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|This article is a stub, an article too short to provide more than rudimentary information about a subject. You can help the Game of Thrones Wiki by expanding it.
Copy-pasted from "Drogo and Daenerys", this listing is inaccurate.
|Season One appearances|
|Winter is Coming||The Kingsroad||Lord Snow||Cripples, Bastards and Broken Things||The Wolf and the Lion|
|A Golden Crown||You Win or You Die||The Pointy End||Baelor||Fire and Blood|
|Season Two appearances|
|The North Remembers||The Night Lands||What is Dead May Never Die||Garden of Bones||The Ghost of Harrenhal|
|The Old Gods and the New||A Man Without Honor||The Prince of Winterfell||Blackwater||Valar Morghulis|
In the booksEdit
When a wildling man wants a wife (wildling or non-wildling), it is custom that he must capture her while risking severe injury, or even death, by the woman and her relatives and the woman must fight back. As a rule, the wildlings do not capture married women. As Ygritte explains to Jon - who is unaware of this custom - when a man succeeds, it shows that he is strong, brave and cunning, and this is what wildling women seek in men. If the man turns out to be an abusive husband, the wife can always slit his throat.
When Jon and Qhorin Halfhand capture Ygritte and her fellow wildlings during their ranging, Jon is unaware of this custom and didn’t even know Ygritte was a woman at the time - believing her and her fellow wildlings to be men until he sees her face after the capture. When the rangers want to execute her, Jon objects and wants to spare Ygritte, saying that she surrendered. However, when a ranger draws his dagger, Qhorin gives the task to Jon and simply tells him "to do what needs to be done." Jon can't bring himself to go through with it and he saves Ygritte's life, letting her go. Because Jon captured Ygritte and later saved her life, Ygritte - who is attracted to Jon - explains the aforementioned wildling marriage custom to him and insists that they might be considered technically married because of it (according to loose wildling customs, which are not strictly defined "laws") and this stuns Jon. Jon reveals this was not his intent and his capture of her/saving her life was not for sex.
At first, Jon rejects Ygritte's advances, not only due to his vows, but also because he does not wish to dishonor Ygritte and hurt her feelings, because sooner or later, he'd have to leave her and return to the Night's Watch (likewise, Sam felt bad about having sex with Gilly for the same reasons). Morever, he may get her pregnant. He discusses this with Tormund, who fails to understand why Jon captured Ygritte if he does not want her. He explains to Jon that there is nothing dishonorable about free folk laying together and, in case Ygritte becomes pregnant - she can either drink moon tea, give birth to a strong son, or a lively laughing girl kissed by fire, and where's the harm in that? Jon has no answer. Later, when Mance grows suspicious of Jon's true motives, Ygritte assures him that they sleep together. This convinces Mance. Afterwards, Jon has no choice but to have sex with Ygritte. However, Jon and Ygritte fall in love and share a deep affection.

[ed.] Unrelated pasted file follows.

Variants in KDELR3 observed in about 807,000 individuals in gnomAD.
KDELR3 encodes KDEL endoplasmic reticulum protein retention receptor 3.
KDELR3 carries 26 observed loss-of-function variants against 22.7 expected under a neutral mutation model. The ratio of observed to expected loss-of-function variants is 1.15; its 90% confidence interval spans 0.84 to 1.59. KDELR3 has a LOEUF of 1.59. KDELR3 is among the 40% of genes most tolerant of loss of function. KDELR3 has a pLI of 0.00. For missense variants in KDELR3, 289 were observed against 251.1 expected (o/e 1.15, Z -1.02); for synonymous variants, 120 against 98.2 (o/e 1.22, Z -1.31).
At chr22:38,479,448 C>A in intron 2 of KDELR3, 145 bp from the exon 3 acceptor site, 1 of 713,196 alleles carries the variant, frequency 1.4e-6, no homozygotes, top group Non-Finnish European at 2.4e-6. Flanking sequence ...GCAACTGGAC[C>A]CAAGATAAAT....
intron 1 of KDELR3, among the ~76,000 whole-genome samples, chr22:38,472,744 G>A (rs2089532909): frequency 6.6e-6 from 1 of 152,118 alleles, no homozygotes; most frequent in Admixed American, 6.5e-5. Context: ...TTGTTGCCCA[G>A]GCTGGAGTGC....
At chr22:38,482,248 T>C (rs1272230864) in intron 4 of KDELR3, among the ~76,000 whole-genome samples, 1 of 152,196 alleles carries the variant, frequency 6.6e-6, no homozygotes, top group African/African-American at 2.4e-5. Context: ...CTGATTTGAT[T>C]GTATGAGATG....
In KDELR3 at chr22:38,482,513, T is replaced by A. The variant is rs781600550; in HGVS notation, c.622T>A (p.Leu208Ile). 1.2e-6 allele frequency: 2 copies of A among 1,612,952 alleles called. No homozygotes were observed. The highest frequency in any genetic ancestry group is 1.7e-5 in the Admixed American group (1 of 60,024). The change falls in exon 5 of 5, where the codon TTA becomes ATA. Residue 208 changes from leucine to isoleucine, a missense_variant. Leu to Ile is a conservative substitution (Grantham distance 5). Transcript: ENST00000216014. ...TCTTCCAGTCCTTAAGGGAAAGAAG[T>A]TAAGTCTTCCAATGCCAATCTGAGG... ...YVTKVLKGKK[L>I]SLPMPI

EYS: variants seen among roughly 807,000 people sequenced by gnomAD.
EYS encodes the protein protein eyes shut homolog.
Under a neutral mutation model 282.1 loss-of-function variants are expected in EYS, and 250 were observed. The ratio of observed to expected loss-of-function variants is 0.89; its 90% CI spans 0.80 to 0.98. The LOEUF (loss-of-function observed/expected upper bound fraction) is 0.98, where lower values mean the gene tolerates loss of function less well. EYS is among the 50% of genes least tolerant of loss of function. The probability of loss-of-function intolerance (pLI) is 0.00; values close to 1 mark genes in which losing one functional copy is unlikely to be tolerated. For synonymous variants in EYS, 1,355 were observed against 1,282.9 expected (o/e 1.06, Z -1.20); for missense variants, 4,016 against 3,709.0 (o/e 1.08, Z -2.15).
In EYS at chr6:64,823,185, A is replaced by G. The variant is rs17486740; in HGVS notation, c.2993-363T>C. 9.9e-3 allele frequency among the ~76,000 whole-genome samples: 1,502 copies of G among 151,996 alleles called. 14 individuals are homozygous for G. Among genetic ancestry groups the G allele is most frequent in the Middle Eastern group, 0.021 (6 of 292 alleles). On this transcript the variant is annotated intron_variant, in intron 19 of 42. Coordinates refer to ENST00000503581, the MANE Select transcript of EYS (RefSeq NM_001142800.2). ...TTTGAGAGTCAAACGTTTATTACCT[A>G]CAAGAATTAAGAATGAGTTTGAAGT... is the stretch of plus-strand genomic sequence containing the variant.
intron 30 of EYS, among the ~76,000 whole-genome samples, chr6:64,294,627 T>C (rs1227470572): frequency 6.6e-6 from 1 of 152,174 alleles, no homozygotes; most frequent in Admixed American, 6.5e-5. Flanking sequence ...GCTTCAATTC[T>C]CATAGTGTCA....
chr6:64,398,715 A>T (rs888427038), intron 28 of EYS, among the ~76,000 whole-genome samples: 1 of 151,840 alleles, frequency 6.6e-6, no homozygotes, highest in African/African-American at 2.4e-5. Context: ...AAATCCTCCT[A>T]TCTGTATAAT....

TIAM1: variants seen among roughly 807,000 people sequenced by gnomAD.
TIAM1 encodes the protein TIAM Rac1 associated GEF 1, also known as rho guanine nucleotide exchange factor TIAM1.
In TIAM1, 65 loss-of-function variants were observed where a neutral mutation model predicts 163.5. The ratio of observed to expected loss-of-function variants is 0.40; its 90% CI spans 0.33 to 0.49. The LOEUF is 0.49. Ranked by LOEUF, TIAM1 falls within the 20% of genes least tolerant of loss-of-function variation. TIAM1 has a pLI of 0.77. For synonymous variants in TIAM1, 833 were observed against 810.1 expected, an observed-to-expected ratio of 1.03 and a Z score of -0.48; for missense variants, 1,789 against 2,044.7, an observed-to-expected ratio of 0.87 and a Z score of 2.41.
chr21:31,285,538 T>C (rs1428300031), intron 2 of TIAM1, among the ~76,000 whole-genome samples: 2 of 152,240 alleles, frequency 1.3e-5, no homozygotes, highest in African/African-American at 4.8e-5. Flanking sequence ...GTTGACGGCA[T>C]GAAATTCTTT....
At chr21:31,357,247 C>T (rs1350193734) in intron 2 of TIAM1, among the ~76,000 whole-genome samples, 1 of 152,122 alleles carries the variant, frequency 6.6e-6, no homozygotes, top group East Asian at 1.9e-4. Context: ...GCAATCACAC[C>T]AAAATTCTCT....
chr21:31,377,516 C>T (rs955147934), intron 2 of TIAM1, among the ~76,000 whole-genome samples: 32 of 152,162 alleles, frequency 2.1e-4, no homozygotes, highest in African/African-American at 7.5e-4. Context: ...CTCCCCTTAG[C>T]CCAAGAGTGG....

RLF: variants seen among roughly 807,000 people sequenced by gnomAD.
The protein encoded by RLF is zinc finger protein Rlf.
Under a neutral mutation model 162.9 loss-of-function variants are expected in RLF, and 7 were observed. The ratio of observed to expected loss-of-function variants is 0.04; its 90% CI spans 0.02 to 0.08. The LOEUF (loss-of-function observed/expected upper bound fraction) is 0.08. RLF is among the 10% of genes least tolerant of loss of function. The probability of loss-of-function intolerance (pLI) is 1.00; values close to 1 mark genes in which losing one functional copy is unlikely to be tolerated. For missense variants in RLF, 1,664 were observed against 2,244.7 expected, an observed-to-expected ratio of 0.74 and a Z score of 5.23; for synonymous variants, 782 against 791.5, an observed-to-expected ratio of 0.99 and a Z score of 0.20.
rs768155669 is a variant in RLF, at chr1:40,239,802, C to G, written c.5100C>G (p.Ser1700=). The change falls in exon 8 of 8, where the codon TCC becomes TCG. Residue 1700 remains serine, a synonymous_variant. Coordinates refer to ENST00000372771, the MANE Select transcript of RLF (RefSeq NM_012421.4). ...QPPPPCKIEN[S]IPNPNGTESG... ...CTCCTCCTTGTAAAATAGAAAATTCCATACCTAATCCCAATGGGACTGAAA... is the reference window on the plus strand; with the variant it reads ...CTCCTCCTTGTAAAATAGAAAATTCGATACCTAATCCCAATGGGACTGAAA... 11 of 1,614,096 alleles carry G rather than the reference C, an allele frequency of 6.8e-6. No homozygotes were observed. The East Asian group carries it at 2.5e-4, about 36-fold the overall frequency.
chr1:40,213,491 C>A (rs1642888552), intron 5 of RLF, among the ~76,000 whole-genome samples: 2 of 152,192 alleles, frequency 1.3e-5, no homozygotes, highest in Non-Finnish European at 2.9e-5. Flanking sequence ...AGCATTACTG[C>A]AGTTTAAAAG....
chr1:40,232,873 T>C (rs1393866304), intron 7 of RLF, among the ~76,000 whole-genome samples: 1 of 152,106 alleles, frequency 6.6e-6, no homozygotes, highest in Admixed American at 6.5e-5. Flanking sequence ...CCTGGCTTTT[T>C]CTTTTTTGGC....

When Ygritte is mortally wounded, it is not clear whose arrow she was shot by, but it was not by Jon's. Unlike in the TV series, Ygritte was not shot in front of Jon while the wildlings and Night's Watch are trading arrow fire back and forth during the battle. In the novels, Jon finds Ygritte after she is injured and, for a frantic moment, he fears that it was his arrow which shot her - but when he checked the arrow in her, he sees it was not his arrow in her. Ygritte dies in Jon Snow's arms, with essentially the same dialogue as in the TV series. Jon is certain he can save her and insists she is not going to die. Ygritte smiles at this, remembers the cave they spent their first night in together, and Jon promises they will go back to that cave and again tells her she isn’t going to die. Ygritte cups Jon’s face, as Jon remains unable to accept her impending death, and she passes away in Jon’s arms. Jon is deeply grieved by her death. He does not know which of his sworn brothers killed her and he hopes he'll never learn this information.
Afterward, throughout the novels, Ygritte is ever-present in Jon’s thoughts.